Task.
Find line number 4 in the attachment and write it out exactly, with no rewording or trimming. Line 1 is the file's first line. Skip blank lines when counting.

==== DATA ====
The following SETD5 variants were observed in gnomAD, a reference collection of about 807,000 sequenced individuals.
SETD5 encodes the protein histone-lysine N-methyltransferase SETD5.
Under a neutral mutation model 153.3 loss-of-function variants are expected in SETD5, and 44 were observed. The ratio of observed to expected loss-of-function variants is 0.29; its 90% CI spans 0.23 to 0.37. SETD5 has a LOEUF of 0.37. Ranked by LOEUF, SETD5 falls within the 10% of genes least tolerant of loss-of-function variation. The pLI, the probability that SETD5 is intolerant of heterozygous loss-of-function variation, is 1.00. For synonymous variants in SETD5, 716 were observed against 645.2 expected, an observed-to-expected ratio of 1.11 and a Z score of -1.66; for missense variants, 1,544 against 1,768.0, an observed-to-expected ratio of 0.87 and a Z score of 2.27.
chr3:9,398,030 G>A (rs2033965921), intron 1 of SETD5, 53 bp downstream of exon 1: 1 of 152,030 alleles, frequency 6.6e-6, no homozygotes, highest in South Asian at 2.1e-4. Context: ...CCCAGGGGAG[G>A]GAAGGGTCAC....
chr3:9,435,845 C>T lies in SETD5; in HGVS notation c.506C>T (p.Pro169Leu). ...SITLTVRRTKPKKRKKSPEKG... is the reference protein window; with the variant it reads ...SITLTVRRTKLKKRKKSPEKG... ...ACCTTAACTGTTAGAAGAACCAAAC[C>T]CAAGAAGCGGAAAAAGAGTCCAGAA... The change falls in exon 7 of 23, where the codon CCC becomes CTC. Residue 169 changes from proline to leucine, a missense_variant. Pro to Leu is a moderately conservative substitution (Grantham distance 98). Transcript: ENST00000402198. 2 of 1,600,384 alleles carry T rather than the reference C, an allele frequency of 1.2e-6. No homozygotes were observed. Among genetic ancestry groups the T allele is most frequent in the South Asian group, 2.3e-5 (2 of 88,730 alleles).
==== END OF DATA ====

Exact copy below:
chr3:9,398,030 G>A (rs2033965921), intron 1 of SETD5, 53 bp downstream of exon 1: 1 of 152,030 alleles, frequency 6.6e-6, no homozygotes, highest in South Asian at 2.1e-4. Context: ...CCCAGGGGAG[G>A]GAAGGGTCAC....